American Society of Plastic Surgeons
For Consumers

ASPS reinforces patient safety measures in the wake of reports of counterfeit Botox injections

With 22 women from 11 states reporting harmful reactions after receiving what authorities believe to be counterfeit Botox, ASPS is reinforcing the critical importance of protecting patients and practicing medicine responsibly – in clinical settings and within the physician's scope of training.

According to the Centers for Disease Control, reported cases include "injections administered by unlicensed or untrained individuals in non-healthcare settings, such as homes or spas."

"Patient safety is paramount and incidents like these require patients to have heightened vigilance," says ASPS President Steven Williams, MD. "We urge patients to exercise caution."

"Do your homework," adds The PSF President Scot Glasberg, MD. "Although Botox seems like a very easy procedure, clearly, as demonstrated, there are risks to it. That's why you want to know who you're going to."

The symptoms, which include blurred or double vision, difficulty swallowing and muscle weakness, are similar to those seen when botulinum toxin spreads to other parts of the body, noted the FDA in an April 16 announcement. There is no indication that the reported events are linked to AbbVie's FDA-approved Botox, and the genuine product should be considered safe and effective for its intended and approved uses. Allergan Aesthetics, an AbbVie company, manufactures its Botox products in 50-, 100- and 200-unit dose forms. A statement from Allergan notes that both providers and consumers can identify authentic products via descriptions on the outer cartons, which are either "BOTOX®️ COSMETIC / onabotulinumtoxinA / for Injection" or "OnabotulinumtoxinA / BOTOX®️ / for injection." The manufacturer identified on the outer carton is either "Allergan Aesthetics / An AbbVie Company" or "abbvie." FDA-approved Botox displays the active ingredient as "OnabotulinumtoxinA" on the outer carton and vial – along with the hologram of the word "Allergan" on the vial label. The company adds that patient requests to see the labels might increase as a result of this information.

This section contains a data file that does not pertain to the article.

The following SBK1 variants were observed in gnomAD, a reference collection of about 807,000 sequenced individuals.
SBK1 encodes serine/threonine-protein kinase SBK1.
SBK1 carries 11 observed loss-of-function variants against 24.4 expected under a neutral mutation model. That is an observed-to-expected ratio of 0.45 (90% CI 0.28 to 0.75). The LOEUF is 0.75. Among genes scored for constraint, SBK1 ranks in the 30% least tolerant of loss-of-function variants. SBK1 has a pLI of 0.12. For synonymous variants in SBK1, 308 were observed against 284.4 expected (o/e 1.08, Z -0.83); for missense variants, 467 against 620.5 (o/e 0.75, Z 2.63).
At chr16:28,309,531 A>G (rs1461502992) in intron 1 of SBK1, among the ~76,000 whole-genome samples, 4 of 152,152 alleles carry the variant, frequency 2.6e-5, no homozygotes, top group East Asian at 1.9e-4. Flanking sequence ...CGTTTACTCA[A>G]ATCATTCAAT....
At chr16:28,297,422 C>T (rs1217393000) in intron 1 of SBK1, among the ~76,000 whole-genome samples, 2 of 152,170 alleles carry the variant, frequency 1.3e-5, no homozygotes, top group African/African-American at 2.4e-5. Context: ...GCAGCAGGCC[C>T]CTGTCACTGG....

In the statement, Allergan said it has a comprehensive supply chain security program to ensure its products are safe, secure and sold through authorized distribution channels.

"All reports of counterfeit product are thoroughly investigated by our team and in conjunction with law enforcement and public health authorities where appropriate," says Adelle Infante, associate vice president of Global Communications for Allergan Aesthetics.

How to spot counterfeit Botox

The counterfeit product, meanwhile, includes telltale information that can be found on the outer carton and vial. The counterfeit product may be identified by one or more of the following:

  • The outer carton and vial contain lot number C3709C3
  • The outer carton displays the active ingredient as "Botulinum Toxin Type A" instead of "OnabotulinumtoxinA"
  • The outer carton and vial indicate 150-unit doses, which is not a unit made by the manufacturer
  • The outer carton contains language that is not English

ASPS is also alerting patients of the following tips for spotting counterfeit injectables and avoiding complications:

  • Counterfeit products are often quoted at a significantly lower price. Prices from clinic to clinic can vary, but if a price seems too good to be true, it should raise concerns.
  • The Society emphasizes the importance of receiving Botox and other injectables exclusively from licensed professionals who adhere to strict safety standards in clinical settings.
  • Patients can best protect themselves and significantly reduce the risks associated with cosmetic procedures by consulting a board-certified plastic surgeon who is a member of ASPS. Plastic surgery as a specialty requires extensive training, experience and expertise to perform procedures safely and effectively.

"If a provider is hesitant to share details about their training, credentials or where they purchased the product, that behavior should be a massive red flag – and patients should not be afraid to ask questions or reconsider if they are at the right place to receive a treatment," Dr. Williams says.

The Society also reminds patients that injections should always be administered in a clinical setting that provides a clean, controlled environment that follows strict sterilization standards and has the necessary safety equipment to address any possible complications.

"Patients should be suspicious if they are offered Botox injections in hotel rooms or at home," Dr. Williams says. "Plastic surgeons are not just expert injectors of these types of medications but are well prepared to manage potential complications."

The FDA advises consumers to report suspected counterfeit Botox products to the FDA at (800) 551-3989 or through